"It's when you fuck up that you will hear from your peers, not when you are doing your job. We expect people to do their jobs, and don't praise them like six year olds who successfully tied their shoes when they do. " - Fatty

 

If in doubt about the tone of my post, please refer to avatar.

MCorbin posted:

Does it fire as the trigger is released rather than pulled? However they do it I am intrigued. It remains to be seen though whether it will have any practical purpose other than to give the ATF nightmares.

If it is the Binary trigger it fires on both the press and the release. 

If I recall correctly the Binary trigger does have a safety mechanism that allows you to deactivate the release fire portion once you have fired a round thru the press portion.  Not sure if that is something that can be permanently employed to make it essentially a standard trigger. 

Mojo/Mark
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If you look closely at the somewhat blurry photo, the red piece above the selector says "safe" "semi" "binary" or appears to. 

Then again that red sticker thing looks temporary and could be just on there to throw us off? 

 

I like any and all attempts to push the NFA buttons. 

 

 

 

 

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LobsterClaw207 posted:

If you look closely at the somewhat blurry photo, the red piece above the selector says "safe" "semi" "binary" or appears to. 

Then again that red sticker thing looks temporary and could be just on there to throw us off?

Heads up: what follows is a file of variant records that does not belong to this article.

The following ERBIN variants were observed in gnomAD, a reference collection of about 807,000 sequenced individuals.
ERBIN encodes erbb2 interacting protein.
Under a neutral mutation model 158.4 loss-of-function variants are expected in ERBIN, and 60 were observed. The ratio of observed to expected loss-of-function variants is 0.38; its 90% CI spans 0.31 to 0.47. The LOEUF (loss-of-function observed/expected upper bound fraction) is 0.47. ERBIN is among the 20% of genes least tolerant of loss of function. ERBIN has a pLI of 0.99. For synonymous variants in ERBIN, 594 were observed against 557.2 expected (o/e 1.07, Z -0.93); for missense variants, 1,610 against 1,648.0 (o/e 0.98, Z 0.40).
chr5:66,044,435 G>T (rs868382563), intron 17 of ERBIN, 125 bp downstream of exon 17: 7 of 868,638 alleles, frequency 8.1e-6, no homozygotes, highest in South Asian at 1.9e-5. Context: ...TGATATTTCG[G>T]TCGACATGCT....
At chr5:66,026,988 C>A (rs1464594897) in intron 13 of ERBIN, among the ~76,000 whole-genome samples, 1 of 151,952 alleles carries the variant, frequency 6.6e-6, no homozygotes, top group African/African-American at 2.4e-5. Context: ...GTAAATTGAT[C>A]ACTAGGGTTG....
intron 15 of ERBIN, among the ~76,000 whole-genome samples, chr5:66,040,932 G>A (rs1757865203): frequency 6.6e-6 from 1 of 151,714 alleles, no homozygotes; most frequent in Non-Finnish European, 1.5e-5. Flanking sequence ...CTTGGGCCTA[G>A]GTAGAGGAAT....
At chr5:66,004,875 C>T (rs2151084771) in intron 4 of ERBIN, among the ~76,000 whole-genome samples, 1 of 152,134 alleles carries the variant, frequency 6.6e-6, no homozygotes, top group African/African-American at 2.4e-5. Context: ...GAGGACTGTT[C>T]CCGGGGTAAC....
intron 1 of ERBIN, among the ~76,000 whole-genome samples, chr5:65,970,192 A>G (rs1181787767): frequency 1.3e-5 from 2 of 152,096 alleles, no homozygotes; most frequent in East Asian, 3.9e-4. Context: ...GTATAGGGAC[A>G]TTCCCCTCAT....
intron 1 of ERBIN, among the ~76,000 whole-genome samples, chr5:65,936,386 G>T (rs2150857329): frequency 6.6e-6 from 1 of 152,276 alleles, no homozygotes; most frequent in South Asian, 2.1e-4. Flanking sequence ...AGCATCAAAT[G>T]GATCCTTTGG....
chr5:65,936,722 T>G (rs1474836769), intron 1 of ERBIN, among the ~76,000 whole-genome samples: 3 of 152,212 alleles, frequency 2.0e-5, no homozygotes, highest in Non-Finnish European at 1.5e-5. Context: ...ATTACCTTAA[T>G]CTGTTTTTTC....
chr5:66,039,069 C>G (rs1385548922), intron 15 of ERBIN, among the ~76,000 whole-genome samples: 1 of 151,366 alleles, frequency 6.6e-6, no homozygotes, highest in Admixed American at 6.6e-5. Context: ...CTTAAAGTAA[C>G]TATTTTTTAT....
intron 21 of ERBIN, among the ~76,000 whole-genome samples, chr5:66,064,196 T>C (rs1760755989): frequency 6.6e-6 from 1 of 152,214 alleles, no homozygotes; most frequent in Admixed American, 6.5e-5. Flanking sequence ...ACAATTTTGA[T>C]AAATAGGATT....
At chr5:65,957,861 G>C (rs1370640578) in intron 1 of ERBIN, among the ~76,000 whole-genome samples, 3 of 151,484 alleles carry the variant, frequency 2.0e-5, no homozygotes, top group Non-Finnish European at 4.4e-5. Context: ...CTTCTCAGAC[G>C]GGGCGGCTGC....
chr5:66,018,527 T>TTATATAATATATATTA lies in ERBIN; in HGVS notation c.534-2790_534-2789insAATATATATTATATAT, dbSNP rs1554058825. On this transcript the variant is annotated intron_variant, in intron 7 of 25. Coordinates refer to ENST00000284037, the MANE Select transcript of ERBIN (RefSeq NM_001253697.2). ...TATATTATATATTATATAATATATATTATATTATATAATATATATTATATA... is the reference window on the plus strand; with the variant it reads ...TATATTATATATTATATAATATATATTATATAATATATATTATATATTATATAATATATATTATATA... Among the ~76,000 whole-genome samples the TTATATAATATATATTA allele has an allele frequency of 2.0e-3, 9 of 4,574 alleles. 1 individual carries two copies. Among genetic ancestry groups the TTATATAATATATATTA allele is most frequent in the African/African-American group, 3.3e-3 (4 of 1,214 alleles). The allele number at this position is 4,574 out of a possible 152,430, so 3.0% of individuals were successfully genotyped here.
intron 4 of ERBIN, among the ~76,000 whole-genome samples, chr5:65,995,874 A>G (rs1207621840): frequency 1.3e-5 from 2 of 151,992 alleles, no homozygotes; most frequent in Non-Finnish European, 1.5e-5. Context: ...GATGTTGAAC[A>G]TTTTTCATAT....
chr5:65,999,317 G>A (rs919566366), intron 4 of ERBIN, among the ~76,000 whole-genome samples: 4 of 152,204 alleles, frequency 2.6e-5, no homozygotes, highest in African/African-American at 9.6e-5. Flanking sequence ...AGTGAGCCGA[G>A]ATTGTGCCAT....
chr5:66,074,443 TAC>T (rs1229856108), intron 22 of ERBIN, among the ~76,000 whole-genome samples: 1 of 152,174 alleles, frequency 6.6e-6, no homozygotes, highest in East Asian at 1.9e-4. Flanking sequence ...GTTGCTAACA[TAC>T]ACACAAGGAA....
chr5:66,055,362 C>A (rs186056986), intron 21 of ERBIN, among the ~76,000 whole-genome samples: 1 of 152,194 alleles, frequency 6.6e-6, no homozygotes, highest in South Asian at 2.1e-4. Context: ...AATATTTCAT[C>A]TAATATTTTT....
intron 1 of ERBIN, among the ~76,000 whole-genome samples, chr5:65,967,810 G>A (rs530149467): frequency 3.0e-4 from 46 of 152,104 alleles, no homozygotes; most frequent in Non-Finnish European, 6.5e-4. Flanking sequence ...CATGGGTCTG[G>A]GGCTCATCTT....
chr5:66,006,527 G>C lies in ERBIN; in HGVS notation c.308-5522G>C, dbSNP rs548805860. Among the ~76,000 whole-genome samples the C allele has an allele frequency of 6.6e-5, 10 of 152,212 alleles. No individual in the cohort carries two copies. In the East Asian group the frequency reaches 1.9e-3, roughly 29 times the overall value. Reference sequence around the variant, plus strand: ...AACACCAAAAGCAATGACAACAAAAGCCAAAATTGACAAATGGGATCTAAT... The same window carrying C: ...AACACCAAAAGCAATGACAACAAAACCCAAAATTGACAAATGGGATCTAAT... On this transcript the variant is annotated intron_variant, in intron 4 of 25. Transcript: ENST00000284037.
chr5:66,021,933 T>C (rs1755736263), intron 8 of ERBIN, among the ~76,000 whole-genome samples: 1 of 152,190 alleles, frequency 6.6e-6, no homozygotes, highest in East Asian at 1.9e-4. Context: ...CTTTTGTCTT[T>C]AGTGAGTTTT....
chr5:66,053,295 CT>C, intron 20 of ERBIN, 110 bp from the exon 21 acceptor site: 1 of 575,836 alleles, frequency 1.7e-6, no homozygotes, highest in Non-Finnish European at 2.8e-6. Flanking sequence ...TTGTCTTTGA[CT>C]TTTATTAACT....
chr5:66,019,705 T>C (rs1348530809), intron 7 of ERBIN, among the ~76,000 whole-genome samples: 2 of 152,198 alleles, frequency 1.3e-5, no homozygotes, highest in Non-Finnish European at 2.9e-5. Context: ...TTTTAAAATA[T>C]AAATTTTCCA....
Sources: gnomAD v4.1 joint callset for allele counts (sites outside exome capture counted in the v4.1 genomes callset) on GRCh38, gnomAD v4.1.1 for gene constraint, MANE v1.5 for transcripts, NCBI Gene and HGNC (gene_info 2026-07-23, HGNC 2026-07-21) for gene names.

I like any and all attempts to push the NFA buttons. 

I was just taking note of that.

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I think the trigger is a red herring.  They already have it for sale, and it comes with the new selector marking plate/sticker.  I think it's just part of the Reformation firearm, but NOT the tech that they are relying on to bypass existing NFA classifications.

"It's when you fuck up that you will hear from your peers, not when you are doing your job. We expect people to do their jobs, and don't praise them like six year olds who successfully tied their shoes when they do. " - Fatty

 

If in doubt about the tone of my post, please refer to avatar.

Oldcoast posted:

Non rifled barrel.  The giveaway are in the bullet points.  Not a rifle, not a shotgun. 

“Rifle,” in this case, I believe is exclusively in reference to the legal definition only.

Franklin  has already confirmed that the barrel is rifled.

Endeavor to be emulable, not suck, persevere, and, imbue ostrobogulousness. 

Some are guessing that it's due to the definitions. That a length over 26" negates the SBR definition,and a barrel under 16" doesn't fit rifle. 

In some ways it makes sense, if you think of guns like the keltec cmr- length under 26" but barrel over 16"- it might fit in a similar framework.

It's not loopholery, it's following the letter of the law and it works against people far more than for.

libertarian45 posted:

I think the giveaway is in the legal definition of "...to fire a single projectile through a rifled bore for each single PULL of the trigger."

Since the Franklin Armory 'binary trigger' fires with a pull AND a release, it does not fit that legal definition alone.

Therfore, a FIREARM.

Not a rifle, Not a shotgun, Not a Pistol.

Nice buzz its creating leading up to SHOT though.

 

 

~Will

 




 

 

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libertarian45 posted:

Great video, and he addressed my question as to the semi auto setting. My one take away is that ATF rules are absolutely senseless.

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4102Burke posted: